Sunday, August 27, 2006

Thirty years later . . .

An article in the September issue of U.S. Catholic reports that after more than 30 years of stalemate, some on both sides of the abortion debate are ready to put down their signs and start trying to work together.
After more than three decades of legal abortion in the United States, neither public opinion nor the rate of abortions has changed significantly, causing people in both movements to think about focusing on more universally accepted ways to build a culture of life in this country.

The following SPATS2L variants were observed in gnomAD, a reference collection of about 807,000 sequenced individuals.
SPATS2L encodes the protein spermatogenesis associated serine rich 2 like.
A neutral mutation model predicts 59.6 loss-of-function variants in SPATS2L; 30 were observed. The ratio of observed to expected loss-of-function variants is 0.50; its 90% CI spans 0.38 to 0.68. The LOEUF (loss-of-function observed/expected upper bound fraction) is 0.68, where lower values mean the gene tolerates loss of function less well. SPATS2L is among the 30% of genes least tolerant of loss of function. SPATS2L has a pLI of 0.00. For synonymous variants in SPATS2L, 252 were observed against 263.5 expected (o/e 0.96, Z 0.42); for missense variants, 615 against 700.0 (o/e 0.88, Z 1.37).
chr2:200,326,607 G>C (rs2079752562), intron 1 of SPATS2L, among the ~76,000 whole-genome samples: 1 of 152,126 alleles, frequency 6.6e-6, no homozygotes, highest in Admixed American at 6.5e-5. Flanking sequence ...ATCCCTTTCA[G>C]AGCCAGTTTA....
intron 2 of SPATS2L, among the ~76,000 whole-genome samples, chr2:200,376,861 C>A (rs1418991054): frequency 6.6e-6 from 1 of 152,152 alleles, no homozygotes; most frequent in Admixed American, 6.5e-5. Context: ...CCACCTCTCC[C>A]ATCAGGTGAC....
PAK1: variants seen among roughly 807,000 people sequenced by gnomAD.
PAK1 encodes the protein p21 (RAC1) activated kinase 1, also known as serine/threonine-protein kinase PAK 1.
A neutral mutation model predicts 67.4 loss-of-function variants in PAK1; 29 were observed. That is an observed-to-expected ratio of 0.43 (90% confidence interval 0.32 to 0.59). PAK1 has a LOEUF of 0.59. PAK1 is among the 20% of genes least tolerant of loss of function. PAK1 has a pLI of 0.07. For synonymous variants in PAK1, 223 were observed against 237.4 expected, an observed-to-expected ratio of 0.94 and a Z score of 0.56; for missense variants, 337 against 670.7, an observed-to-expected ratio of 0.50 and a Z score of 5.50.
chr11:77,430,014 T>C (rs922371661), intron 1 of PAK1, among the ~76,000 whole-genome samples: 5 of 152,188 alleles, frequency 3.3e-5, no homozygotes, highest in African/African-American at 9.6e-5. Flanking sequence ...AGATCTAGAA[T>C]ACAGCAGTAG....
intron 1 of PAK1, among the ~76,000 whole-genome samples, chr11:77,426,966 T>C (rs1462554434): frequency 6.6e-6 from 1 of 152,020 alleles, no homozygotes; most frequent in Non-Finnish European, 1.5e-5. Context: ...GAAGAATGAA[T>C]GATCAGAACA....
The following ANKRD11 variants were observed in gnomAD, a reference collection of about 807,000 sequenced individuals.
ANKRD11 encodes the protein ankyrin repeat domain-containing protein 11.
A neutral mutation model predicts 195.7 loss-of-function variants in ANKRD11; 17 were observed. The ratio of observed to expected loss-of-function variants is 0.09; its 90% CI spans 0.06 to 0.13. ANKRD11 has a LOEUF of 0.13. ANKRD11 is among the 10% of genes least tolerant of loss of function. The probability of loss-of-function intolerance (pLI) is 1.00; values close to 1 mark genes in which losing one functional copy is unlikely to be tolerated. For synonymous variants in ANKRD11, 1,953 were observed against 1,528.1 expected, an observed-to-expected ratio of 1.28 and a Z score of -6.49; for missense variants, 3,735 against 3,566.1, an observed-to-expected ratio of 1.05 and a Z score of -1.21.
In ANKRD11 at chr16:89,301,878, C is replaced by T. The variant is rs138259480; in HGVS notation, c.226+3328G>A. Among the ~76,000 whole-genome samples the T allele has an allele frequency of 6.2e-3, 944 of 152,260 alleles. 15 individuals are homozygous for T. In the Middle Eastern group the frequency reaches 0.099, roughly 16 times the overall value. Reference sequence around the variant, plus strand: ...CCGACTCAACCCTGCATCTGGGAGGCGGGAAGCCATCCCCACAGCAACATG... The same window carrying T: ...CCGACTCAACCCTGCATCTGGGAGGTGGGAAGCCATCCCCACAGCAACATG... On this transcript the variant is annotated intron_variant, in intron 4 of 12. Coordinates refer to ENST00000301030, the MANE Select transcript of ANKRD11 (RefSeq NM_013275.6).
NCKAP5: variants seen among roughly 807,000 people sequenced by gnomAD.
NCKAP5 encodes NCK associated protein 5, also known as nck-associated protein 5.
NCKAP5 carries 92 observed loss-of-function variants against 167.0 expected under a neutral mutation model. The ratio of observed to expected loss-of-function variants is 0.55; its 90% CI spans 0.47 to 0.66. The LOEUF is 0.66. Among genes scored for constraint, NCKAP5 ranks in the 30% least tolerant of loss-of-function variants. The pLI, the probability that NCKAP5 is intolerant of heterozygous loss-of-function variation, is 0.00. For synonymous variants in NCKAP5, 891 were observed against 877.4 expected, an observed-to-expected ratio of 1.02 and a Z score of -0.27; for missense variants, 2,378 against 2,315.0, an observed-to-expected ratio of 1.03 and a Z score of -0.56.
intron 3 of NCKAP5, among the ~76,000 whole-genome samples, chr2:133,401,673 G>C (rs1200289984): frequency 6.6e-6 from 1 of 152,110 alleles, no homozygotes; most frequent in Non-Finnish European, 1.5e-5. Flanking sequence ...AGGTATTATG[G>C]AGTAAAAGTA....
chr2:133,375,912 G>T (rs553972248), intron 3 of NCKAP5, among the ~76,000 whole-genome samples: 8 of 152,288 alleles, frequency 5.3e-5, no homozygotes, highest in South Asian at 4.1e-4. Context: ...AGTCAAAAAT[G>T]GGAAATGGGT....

Hillary Clinton—a staunch supporter of abortion rights—spoke last year about working with the prolife movement to realize a common goal of fewer abortions. On the same day, President George W. Bush called for the same thing, “seeking common ground where possible.”
[Benedictine Sister Adrienne Kaufmann] believes that dialogue is not just a feel-good activity or political sound bite; it is the most productive outlet for the prolife movement.

“To reduce or end abortion, prolife people need to get into dialogue with pro-choice people about things in this society they both care about, and work together to change them,” she says. “They have a lot more in common than they believe or imagine, but it’s submerged below this pool of enemy rhetoric. Instead they need to drop the rhetoric, look at ways to pool their energies, and make progress that way.”

The entire article is available here.